Walt Reed

"Fellows was born in Ardmore, Pennsylvania in 1885. He was trained in illustration at the Pennsylvania Academy of Art, and honed his trademark “continental” style studying in England and France. But the real story begins when he returned to the States in the early 1910s and burst on the scene as an eager and talented young artist.
Fellows found work contributing to satirical magazines like Life and Leslie’s, and his European-influenced style was fresh and new, reflecting the sleekness and stylization that led to Art Deco. His work was so fresh, in fact, that he found many of his better-known contemporaries, including John Held, Jr. and Ralph Barton, were adapting his stylistic elements for their own use.
Fellows’ style during this period was very mannered and graphic, with thin black outlines enclosing flat expanses of tone and compositions that emphasized graphic weight and balance over fussy illustrative detail. His bread and butter throughout the 1920s was his work for the Kelly-Springfield Tire company. He brought an idea to the Kelly advertising manager for a series of magazine ads featuring “smart cars and smart types of people.” It was the beginning of an assignment that lasted for nearly a decade. The ads are still smart and fashionable today (and becoming collectible, by the way).
But it was in the 1930s that Fellows found the niche that would shape the lives of dandies for the next 80 years: fashion illustration. Though he contributed to Vanity Fair, McClure’s, and The American Magazine, among other publications, it was men’s fashion where he was most in demand, and Apparel Arts, aimed at the tailoring trade, and Esquire were his showcases.
Fellows’ technique as a fashion illustrator was more painterly and detailed than his earlier commercial work. The man could draw fabric, plain and simple. His fabric had weight, heft, drape, texture, and sheen. His flannels, worsteds, tweeds, and linens, his barathea and velvet and twill were all fabulous.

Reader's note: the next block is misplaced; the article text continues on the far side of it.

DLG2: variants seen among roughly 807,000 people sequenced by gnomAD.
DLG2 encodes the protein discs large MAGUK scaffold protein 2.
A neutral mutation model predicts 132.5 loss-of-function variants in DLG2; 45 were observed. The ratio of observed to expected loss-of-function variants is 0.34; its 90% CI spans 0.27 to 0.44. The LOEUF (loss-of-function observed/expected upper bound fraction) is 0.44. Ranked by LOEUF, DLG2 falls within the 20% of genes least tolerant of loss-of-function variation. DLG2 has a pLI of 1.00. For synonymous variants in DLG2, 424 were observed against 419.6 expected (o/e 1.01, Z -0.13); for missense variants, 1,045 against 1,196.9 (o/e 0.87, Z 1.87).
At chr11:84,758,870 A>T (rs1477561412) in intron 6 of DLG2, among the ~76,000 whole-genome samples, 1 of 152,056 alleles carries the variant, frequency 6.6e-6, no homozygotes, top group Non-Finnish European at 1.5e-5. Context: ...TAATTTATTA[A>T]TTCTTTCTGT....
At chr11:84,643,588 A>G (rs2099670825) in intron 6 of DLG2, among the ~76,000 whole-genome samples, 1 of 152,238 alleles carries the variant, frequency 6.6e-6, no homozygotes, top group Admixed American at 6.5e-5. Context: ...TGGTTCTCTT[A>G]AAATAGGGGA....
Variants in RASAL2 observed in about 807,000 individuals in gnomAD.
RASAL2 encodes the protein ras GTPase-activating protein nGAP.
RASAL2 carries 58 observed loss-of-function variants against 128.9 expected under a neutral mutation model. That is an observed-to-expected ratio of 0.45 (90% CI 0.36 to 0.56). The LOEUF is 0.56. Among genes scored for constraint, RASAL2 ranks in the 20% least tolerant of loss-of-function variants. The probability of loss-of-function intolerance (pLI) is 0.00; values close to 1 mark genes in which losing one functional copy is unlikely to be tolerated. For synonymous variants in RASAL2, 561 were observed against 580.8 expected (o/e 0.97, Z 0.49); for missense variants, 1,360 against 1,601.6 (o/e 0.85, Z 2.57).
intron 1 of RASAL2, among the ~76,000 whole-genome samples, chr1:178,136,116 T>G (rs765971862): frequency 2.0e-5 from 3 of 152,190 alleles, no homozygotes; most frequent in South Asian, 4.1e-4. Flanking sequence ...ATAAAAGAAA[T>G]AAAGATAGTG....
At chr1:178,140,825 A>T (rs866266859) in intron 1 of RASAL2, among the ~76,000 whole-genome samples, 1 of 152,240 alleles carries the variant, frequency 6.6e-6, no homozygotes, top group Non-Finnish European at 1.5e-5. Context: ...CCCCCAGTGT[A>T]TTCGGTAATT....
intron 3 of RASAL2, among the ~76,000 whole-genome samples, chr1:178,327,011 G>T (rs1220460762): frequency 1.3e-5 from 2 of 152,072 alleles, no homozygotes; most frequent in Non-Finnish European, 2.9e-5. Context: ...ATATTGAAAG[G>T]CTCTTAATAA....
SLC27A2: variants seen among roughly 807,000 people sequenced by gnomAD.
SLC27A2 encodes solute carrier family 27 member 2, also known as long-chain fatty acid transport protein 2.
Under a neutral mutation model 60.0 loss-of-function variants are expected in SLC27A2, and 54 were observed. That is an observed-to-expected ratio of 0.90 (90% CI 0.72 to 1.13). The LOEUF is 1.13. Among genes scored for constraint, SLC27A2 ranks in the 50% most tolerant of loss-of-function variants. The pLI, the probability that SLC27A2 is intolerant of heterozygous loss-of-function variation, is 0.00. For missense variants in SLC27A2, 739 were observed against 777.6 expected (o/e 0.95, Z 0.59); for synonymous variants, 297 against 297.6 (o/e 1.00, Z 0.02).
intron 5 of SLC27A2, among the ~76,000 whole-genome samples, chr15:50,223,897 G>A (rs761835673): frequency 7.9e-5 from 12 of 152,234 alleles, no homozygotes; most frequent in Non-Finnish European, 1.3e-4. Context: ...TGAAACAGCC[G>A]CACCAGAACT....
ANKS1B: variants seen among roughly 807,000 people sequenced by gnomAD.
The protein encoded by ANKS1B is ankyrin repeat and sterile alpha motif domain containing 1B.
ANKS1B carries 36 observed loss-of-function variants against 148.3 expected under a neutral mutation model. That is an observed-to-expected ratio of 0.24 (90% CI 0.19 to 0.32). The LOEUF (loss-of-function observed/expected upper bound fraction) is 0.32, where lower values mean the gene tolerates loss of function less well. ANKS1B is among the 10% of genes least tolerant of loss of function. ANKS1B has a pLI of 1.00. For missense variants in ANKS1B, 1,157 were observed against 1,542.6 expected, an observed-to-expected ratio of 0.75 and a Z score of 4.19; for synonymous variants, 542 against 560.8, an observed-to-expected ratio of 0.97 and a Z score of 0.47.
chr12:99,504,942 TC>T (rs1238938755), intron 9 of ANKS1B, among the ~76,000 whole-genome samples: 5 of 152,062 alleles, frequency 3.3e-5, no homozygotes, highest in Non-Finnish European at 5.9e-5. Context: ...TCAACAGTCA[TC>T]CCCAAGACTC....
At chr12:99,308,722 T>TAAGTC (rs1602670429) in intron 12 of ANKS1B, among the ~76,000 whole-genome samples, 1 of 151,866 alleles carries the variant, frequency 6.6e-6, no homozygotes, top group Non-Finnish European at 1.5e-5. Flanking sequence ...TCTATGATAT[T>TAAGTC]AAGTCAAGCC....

He also defined a very specific, very masculine world. Unlike today’s fashion magazines, Apparel Arts didn’t dictate fashion trends by using underfed models in unwearable suits. It showed what was already being worn by the well-heeled, trend-setting folk. Fellows’ genius as an illustrator lay in his ability to depict them in their everyday activities. Whether they were traveling the world, hosting dinner parties, hunting grouse, or just lounging around the penthouse or club, Fellows somehow made their rarified universe accessible. Ordinary folks could look at the illustrations and say, “I could wear that.”
Rather than looking overdressed and stuffy, or merely human shapes on which to hang clothes, Fellows’ subjects are men for whom dressing splendidly comes naturally. They’re having a good time, smiling, and enjoying themselves in their relaxed, party-filled sphere, and all of them are illustrations of casual, well-tailored elegance.
Laurence Fellows died in 1964, and in 2009 was named to the Society of Illustrators Hall of Fame. His immortality in the world of men’s fashion is assured simply because he had the ability to illustrate real men in their real lives and make those lives ones we all want to live." — BILL THOMPSON in